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Diel vertical migration of Arctic zooplankton during the polar night

Authors
Journal
Biology Letters
1744-9561
Publisher
The Royal Society
Publication Date
Volume
5
Issue
1
Identifiers
DOI: 10.1098/rsbl.2008.0484
Keywords
  • Research Article
Disciplines
  • Biology
  • Ecology
  • Musicology
  • Physics

Abstract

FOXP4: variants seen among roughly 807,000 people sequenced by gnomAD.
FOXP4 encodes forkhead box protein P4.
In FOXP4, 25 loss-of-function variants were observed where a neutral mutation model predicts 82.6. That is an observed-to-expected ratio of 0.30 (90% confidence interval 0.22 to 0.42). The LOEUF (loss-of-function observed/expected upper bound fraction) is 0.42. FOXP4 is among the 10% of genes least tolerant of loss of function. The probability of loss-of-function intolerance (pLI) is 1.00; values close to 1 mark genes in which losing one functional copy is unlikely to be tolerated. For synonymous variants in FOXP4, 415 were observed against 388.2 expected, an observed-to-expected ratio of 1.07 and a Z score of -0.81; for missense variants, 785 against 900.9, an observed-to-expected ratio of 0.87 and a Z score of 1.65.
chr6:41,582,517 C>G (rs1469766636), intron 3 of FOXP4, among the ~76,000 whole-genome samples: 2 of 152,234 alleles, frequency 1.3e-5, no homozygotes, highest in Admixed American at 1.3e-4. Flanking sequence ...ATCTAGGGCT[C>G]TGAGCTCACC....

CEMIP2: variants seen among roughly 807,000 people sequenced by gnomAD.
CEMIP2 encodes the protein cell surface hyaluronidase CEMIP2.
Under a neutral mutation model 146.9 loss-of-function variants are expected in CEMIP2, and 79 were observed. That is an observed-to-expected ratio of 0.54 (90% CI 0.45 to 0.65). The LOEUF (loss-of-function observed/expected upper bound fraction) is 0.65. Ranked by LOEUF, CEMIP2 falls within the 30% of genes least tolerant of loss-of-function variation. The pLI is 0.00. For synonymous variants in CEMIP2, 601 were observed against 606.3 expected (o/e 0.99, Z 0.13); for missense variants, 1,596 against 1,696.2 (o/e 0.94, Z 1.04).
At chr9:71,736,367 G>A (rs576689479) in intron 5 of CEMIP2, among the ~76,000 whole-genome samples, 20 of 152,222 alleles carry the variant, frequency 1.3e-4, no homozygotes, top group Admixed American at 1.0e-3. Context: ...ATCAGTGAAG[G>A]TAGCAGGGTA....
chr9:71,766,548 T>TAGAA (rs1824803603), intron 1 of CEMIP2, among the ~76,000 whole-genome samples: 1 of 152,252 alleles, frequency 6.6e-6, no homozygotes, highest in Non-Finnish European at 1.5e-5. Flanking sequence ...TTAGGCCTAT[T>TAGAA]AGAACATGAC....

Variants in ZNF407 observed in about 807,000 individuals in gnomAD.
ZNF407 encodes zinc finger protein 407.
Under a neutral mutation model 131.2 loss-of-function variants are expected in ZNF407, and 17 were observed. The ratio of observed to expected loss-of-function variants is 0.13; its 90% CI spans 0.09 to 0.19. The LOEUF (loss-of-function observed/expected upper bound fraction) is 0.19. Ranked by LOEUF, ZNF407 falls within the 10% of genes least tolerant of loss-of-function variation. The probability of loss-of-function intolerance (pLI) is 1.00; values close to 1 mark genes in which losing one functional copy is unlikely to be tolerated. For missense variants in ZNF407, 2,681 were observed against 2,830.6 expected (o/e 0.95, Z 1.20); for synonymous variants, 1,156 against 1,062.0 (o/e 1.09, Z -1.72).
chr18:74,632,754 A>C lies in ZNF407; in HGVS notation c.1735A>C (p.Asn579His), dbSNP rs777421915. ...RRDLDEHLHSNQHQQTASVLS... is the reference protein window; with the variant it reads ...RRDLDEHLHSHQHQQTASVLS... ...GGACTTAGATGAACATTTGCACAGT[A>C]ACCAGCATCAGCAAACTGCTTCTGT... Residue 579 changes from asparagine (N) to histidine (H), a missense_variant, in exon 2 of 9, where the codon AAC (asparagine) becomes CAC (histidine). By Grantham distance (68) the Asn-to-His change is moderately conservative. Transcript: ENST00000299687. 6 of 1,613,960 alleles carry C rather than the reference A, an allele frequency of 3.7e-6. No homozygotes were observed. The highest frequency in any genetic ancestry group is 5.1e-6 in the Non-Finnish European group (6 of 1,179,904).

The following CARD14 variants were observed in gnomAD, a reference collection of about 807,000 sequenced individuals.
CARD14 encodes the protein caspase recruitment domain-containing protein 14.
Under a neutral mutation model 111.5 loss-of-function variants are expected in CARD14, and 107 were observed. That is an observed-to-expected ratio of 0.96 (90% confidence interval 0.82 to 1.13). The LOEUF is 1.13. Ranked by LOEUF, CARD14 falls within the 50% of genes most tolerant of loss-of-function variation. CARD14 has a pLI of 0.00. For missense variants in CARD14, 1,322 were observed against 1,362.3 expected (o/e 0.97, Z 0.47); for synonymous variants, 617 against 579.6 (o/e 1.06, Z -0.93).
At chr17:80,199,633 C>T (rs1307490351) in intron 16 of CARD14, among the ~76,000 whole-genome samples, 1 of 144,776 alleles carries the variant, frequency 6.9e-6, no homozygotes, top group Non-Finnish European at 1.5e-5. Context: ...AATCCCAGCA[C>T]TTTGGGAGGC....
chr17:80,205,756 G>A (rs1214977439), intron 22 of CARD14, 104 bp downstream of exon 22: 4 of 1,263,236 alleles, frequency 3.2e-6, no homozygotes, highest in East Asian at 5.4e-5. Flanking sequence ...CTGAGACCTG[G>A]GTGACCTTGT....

High-latitude environments show extreme seasonal variation in physical and biological variables. The classic paradigm of Arctic marine ecosystems holds that most biological processes slow down or cease during the polar night. One key process that is generally assumed to cease during winter is diel vertical migration (DVM) of zooplankton. DVM constitutes the largest synchronized movement of biomass on the planet, and is of paramount importance for marine ecosystem function and carbon cycling. Here we present acoustic data that demonstrate a synchronized DVM behaviour of zooplankton that continues throughout the Arctic winter, in both open and ice-covered waters. We argue that even during the polar night, DVM is regulated by diel variations in solar and lunar illumination, which are at intensities far below the threshold of human perception. We also demonstrate that winter DVM is stronger in open waters compared with ice-covered waters. This suggests that the biologically mediated vertical flux of carbon will increase if there is a continued retreat of the Arctic winter sea ice cover.

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